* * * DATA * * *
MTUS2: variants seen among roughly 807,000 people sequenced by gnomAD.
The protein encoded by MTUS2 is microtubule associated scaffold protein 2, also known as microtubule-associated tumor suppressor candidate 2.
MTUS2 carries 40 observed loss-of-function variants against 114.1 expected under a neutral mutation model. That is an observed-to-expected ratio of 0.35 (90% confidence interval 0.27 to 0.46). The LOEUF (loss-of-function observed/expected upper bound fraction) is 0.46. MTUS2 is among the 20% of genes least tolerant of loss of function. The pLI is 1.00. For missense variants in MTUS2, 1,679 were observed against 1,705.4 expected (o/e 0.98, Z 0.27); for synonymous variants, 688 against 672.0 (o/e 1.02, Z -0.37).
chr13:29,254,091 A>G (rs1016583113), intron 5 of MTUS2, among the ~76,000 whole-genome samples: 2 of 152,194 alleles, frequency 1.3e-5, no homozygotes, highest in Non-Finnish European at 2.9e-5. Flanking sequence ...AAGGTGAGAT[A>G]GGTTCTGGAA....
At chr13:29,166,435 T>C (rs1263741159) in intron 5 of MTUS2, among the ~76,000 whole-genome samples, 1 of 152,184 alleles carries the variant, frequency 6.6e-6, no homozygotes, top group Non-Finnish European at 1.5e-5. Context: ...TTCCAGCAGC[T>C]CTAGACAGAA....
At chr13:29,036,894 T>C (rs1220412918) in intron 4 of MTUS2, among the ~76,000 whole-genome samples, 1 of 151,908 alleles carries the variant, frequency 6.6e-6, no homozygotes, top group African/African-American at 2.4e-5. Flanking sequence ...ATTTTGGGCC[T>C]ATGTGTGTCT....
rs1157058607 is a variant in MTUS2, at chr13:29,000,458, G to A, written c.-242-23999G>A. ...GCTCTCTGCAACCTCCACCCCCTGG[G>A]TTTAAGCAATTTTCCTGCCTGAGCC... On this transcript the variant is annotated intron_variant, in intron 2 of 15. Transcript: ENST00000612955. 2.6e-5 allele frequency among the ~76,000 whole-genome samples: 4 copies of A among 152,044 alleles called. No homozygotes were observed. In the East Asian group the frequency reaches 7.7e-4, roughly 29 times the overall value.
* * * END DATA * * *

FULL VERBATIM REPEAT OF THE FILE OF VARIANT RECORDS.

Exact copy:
MTUS2: variants seen among roughly 807,000 people sequenced by gnomAD.
The protein encoded by MTUS2 is microtubule associated scaffold protein 2, also known as microtubule-associated tumor suppressor candidate 2.
MTUS2 carries 40 observed loss-of-function variants against 114.1 expected under a neutral mutation model. That is an observed-to-expected ratio of 0.35 (90% confidence interval 0.27 to 0.46). The LOEUF (loss-of-function observed/expected upper bound fraction) is 0.46. MTUS2 is among the 20% of genes least tolerant of loss of function. The pLI is 1.00. For missense variants in MTUS2, 1,679 were observed against 1,705.4 expected (o/e 0.98, Z 0.27); for synonymous variants, 688 against 672.0 (o/e 1.02, Z -0.37).
chr13:29,254,091 A>G (rs1016583113), intron 5 of MTUS2, among the ~76,000 whole-genome samples: 2 of 152,194 alleles, frequency 1.3e-5, no homozygotes, highest in Non-Finnish European at 2.9e-5. Flanking sequence ...AAGGTGAGAT[A>G]GGTTCTGGAA....
At chr13:29,166,435 T>C (rs1263741159) in intron 5 of MTUS2, among the ~76,000 whole-genome samples, 1 of 152,184 alleles carries the variant, frequency 6.6e-6, no homozygotes, top group Non-Finnish European at 1.5e-5. Context: ...TTCCAGCAGC[T>C]CTAGACAGAA....
At chr13:29,036,894 T>C (rs1220412918) in intron 4 of MTUS2, among the ~76,000 whole-genome samples, 1 of 151,908 alleles carries the variant, frequency 6.6e-6, no homozygotes, top group African/African-American at 2.4e-5. Flanking sequence ...ATTTTGGGCC[T>C]ATGTGTGTCT....
rs1157058607 is a variant in MTUS2, at chr13:29,000,458, G to A, written c.-242-23999G>A. ...GCTCTCTGCAACCTCCACCCCCTGG[G>A]TTTAAGCAATTTTCCTGCCTGAGCC... On this transcript the variant is annotated intron_variant, in intron 2 of 15. Transcript: ENST00000612955. 2.6e-5 allele frequency among the ~76,000 whole-genome samples: 4 copies of A among 152,044 alleles called. No homozygotes were observed. In the East Asian group the frequency reaches 7.7e-4, roughly 29 times the overall value.